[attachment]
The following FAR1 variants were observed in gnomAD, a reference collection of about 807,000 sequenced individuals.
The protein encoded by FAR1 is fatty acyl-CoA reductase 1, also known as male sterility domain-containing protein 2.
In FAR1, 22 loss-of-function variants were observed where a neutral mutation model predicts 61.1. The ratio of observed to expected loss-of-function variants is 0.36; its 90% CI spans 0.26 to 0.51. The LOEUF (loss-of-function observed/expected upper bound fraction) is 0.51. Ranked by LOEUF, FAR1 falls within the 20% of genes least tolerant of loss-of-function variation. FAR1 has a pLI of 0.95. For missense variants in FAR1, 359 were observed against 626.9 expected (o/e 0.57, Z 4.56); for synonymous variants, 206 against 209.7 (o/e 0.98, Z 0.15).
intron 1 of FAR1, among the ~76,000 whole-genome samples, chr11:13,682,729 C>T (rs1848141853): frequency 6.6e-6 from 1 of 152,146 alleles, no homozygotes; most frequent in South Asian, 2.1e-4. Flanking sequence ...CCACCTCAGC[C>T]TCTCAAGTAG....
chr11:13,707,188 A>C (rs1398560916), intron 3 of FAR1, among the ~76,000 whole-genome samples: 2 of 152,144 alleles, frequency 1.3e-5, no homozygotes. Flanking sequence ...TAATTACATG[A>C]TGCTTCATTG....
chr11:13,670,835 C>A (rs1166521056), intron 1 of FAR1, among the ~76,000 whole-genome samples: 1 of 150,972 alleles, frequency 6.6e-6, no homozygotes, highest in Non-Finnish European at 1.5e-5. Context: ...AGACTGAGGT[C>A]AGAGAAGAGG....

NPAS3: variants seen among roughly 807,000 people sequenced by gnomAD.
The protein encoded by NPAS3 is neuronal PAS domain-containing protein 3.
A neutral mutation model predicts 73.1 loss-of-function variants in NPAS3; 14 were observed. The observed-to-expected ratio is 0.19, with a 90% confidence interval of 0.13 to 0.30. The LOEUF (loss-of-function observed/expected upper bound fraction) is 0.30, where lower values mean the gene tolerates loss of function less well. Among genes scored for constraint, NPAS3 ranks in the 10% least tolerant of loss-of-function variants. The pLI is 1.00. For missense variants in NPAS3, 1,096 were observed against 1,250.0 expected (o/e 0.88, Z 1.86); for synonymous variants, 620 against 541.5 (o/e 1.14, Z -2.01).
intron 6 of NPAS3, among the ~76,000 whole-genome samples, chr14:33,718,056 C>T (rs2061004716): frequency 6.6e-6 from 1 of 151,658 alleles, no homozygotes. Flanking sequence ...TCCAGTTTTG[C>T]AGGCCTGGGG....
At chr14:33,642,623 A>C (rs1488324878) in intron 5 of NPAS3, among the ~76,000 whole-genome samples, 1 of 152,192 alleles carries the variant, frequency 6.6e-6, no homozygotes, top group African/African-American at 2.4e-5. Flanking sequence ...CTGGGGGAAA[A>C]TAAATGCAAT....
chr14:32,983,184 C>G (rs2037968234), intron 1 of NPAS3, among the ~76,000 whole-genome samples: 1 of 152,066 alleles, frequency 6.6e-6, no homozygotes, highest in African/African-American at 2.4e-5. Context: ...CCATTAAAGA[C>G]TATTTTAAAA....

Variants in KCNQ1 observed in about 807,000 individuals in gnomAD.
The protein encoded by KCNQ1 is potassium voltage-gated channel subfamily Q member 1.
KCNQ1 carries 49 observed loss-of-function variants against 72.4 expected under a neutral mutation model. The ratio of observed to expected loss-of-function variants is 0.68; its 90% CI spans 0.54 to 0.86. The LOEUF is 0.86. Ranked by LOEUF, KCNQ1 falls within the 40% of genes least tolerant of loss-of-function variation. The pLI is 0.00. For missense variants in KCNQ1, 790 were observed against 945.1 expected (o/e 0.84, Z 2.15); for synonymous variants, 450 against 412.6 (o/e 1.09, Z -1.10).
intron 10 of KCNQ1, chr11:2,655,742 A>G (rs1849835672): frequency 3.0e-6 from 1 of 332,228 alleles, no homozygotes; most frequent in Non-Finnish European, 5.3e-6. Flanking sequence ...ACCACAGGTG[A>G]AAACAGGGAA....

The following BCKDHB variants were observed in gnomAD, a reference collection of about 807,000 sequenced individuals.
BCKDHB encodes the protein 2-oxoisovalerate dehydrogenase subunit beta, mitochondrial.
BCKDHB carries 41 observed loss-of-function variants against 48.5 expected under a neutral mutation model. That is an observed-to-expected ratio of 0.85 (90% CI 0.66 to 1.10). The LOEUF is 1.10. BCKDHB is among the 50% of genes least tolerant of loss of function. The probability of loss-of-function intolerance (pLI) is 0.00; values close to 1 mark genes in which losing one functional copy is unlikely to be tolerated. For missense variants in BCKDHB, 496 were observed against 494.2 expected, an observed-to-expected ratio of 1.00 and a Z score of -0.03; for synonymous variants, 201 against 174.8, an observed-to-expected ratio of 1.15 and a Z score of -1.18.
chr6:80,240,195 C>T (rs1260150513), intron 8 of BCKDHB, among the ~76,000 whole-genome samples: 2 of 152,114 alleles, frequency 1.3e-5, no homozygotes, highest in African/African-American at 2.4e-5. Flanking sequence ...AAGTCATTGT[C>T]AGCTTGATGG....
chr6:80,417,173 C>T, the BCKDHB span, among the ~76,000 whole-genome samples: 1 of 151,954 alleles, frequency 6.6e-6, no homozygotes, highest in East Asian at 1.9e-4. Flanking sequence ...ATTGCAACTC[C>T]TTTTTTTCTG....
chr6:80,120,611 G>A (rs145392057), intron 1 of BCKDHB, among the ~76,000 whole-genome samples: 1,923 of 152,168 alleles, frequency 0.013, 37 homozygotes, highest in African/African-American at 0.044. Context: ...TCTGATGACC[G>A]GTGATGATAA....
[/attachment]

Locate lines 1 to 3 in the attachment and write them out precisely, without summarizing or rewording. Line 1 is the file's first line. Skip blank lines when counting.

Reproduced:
The following FAR1 variants were observed in gnomAD, a reference collection of about 807,000 sequenced individuals.
The protein encoded by FAR1 is fatty acyl-CoA reductase 1, also known as male sterility domain-containing protein 2.
In FAR1, 22 loss-of-function variants were observed where a neutral mutation model predicts 61.1. The ratio of observed to expected loss-of-function variants is 0.36; its 90% CI spans 0.26 to 0.51. The LOEUF (loss-of-function observed/expected upper bound fraction) is 0.51. Ranked by LOEUF, FAR1 falls within the 20% of genes least tolerant of loss-of-function variation. FAR1 has a pLI of 0.95. For missense variants in FAR1, 359 were observed against 626.9 expected (o/e 0.57, Z 4.56); for synonymous variants, 206 against 209.7 (o/e 0.98, Z 0.15).